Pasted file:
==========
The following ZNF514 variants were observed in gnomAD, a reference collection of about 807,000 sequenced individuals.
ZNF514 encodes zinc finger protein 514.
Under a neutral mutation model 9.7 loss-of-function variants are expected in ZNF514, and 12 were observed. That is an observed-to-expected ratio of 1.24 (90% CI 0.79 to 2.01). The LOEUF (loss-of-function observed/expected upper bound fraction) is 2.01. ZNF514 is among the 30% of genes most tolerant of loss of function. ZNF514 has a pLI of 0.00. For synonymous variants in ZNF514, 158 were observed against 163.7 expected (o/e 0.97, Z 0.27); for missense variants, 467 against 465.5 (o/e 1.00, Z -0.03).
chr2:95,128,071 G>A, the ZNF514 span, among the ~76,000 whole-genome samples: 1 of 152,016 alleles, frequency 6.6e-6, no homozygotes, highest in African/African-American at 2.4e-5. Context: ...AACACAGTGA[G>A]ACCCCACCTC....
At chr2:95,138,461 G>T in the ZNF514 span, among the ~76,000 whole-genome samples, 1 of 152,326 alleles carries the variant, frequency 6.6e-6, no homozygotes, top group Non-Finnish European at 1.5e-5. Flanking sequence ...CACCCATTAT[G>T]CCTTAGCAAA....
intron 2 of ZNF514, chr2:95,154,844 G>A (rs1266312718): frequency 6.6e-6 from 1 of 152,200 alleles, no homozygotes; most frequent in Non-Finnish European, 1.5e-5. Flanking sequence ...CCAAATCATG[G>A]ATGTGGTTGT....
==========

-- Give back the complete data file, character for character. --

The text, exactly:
The following ZNF514 variants were observed in gnomAD, a reference collection of about 807,000 sequenced individuals.
ZNF514 encodes zinc finger protein 514.
Under a neutral mutation model 9.7 loss-of-function variants are expected in ZNF514, and 12 were observed. That is an observed-to-expected ratio of 1.24 (90% CI 0.79 to 2.01). The LOEUF (loss-of-function observed/expected upper bound fraction) is 2.01. ZNF514 is among the 30% of genes most tolerant of loss of function. ZNF514 has a pLI of 0.00. For synonymous variants in ZNF514, 158 were observed against 163.7 expected (o/e 0.97, Z 0.27); for missense variants, 467 against 465.5 (o/e 1.00, Z -0.03).
chr2:95,128,071 G>A, the ZNF514 span, among the ~76,000 whole-genome samples: 1 of 152,016 alleles, frequency 6.6e-6, no homozygotes, highest in African/African-American at 2.4e-5. Context: ...AACACAGTGA[G>A]ACCCCACCTC....
At chr2:95,138,461 G>T in the ZNF514 span, among the ~76,000 whole-genome samples, 1 of 152,326 alleles carries the variant, frequency 6.6e-6, no homozygotes, top group Non-Finnish European at 1.5e-5. Flanking sequence ...CACCCATTAT[G>T]CCTTAGCAAA....
intron 2 of ZNF514, chr2:95,154,844 G>A (rs1266312718): frequency 6.6e-6 from 1 of 152,200 alleles, no homozygotes; most frequent in Non-Finnish European, 1.5e-5. Flanking sequence ...CCAAATCATG[G>A]ATGTGGTTGT....